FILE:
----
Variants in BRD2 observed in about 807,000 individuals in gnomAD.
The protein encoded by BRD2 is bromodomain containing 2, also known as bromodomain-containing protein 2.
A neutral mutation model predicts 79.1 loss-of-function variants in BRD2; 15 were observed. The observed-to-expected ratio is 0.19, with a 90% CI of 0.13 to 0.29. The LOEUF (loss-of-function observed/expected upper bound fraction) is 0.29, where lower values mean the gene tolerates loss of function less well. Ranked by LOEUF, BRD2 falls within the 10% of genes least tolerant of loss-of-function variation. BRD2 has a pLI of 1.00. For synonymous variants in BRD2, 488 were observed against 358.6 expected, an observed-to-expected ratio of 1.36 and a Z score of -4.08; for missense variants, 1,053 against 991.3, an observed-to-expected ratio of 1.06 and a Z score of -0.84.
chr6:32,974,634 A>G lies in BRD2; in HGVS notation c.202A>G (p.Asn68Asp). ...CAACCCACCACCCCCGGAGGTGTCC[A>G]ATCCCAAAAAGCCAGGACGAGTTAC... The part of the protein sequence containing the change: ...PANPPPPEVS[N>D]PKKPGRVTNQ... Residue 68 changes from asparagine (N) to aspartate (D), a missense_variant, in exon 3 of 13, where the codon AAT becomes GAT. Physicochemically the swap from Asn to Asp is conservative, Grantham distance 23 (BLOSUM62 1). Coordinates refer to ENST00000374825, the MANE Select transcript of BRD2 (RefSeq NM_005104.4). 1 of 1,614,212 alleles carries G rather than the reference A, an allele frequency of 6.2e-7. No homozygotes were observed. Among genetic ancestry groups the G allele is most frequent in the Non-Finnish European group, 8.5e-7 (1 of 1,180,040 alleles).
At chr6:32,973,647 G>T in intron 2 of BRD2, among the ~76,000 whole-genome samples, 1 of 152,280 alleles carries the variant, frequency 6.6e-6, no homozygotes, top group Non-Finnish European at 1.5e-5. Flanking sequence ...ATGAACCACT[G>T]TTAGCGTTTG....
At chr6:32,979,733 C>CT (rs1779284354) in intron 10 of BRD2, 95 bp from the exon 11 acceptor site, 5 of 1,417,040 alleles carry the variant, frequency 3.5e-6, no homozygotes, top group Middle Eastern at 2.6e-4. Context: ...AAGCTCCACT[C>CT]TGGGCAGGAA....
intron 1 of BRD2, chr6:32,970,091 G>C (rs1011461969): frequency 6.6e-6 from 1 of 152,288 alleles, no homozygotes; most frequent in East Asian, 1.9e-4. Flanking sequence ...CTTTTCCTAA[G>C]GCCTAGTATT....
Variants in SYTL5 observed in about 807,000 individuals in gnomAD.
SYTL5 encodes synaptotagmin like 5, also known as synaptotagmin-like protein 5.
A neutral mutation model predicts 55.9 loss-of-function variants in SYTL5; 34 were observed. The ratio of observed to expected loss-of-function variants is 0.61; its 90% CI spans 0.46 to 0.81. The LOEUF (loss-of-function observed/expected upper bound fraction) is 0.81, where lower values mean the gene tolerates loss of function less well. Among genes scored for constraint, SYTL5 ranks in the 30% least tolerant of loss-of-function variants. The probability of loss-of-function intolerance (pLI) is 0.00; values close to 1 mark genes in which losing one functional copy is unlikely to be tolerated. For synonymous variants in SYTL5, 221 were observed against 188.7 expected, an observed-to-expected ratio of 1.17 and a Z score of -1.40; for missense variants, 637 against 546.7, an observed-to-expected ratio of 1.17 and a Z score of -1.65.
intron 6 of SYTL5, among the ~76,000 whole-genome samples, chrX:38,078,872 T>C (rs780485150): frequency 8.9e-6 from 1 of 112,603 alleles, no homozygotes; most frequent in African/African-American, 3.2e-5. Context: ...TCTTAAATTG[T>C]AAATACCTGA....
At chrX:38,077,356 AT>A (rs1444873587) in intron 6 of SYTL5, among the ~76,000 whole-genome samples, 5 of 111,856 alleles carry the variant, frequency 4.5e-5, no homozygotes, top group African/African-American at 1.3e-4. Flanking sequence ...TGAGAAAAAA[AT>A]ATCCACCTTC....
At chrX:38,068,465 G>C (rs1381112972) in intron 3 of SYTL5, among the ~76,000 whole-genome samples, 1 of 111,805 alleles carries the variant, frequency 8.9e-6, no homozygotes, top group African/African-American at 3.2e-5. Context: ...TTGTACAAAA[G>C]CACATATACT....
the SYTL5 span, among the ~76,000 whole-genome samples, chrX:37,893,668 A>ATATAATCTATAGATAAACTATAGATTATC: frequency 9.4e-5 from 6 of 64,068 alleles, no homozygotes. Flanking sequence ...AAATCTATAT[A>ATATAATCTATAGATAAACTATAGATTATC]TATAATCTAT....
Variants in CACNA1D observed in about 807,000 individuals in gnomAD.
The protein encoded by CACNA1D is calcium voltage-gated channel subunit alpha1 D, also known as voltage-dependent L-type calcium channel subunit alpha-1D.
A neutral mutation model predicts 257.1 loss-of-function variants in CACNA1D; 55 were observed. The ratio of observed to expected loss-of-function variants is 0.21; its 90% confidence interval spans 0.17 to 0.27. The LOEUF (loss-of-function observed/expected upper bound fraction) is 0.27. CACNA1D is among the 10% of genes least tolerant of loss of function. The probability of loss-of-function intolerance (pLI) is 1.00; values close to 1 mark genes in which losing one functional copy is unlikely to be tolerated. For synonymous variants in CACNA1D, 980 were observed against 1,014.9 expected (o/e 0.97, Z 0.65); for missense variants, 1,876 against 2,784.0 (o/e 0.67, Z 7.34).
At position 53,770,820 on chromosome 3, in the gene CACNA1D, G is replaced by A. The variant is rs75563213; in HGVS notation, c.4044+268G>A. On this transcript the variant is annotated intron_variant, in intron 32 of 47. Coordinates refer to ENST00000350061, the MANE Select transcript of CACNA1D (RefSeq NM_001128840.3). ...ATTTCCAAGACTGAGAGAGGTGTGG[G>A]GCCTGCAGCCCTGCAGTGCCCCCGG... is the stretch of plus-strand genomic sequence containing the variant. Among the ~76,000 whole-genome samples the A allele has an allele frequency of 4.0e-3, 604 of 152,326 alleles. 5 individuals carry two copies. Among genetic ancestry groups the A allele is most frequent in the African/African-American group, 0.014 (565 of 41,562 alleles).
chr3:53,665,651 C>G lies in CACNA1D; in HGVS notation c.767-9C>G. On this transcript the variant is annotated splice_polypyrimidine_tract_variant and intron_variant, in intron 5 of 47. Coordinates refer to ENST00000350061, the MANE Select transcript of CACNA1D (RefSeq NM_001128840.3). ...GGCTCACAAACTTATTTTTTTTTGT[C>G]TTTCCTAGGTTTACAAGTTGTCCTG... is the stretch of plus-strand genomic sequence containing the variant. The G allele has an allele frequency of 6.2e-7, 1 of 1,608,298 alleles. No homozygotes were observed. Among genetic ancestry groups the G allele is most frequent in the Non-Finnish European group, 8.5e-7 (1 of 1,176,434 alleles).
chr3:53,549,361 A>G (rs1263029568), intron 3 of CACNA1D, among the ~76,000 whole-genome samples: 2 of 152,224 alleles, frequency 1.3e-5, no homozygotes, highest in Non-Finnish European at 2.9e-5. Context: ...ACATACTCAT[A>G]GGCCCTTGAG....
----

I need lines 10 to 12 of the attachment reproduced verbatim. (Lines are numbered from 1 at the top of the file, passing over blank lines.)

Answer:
A neutral mutation model predicts 55.9 loss-of-function variants in SYTL5; 34 were observed. The ratio of observed to expected loss-of-function variants is 0.61; its 90% CI spans 0.46 to 0.81. The LOEUF (loss-of-function observed/expected upper bound fraction) is 0.81, where lower values mean the gene tolerates loss of function less well. Among genes scored for constraint, SYTL5 ranks in the 30% least tolerant of loss-of-function variants. The probability of loss-of-function intolerance (pLI) is 0.00; values close to 1 mark genes in which losing one functional copy is unlikely to be tolerated. For synonymous variants in SYTL5, 221 were observed against 188.7 expected, an observed-to-expected ratio of 1.17 and a Z score of -1.40; for missense variants, 637 against 546.7, an observed-to-expected ratio of 1.17 and a Z score of -1.65.
intron 6 of SYTL5, among the ~76,000 whole-genome samples, chrX:38,078,872 T>C (rs780485150): frequency 8.9e-6 from 1 of 112,603 alleles, no homozygotes; most frequent in African/African-American, 3.2e-5. Context: ...TCTTAAATTG[T>C]AAATACCTGA....
At chrX:38,077,356 AT>A (rs1444873587) in intron 6 of SYTL5, among the ~76,000 whole-genome samples, 5 of 111,856 alleles carry the variant, frequency 4.5e-5, no homozygotes, top group African/African-American at 1.3e-4. Flanking sequence ...TGAGAAAAAA[AT>A]ATCCACCTTC....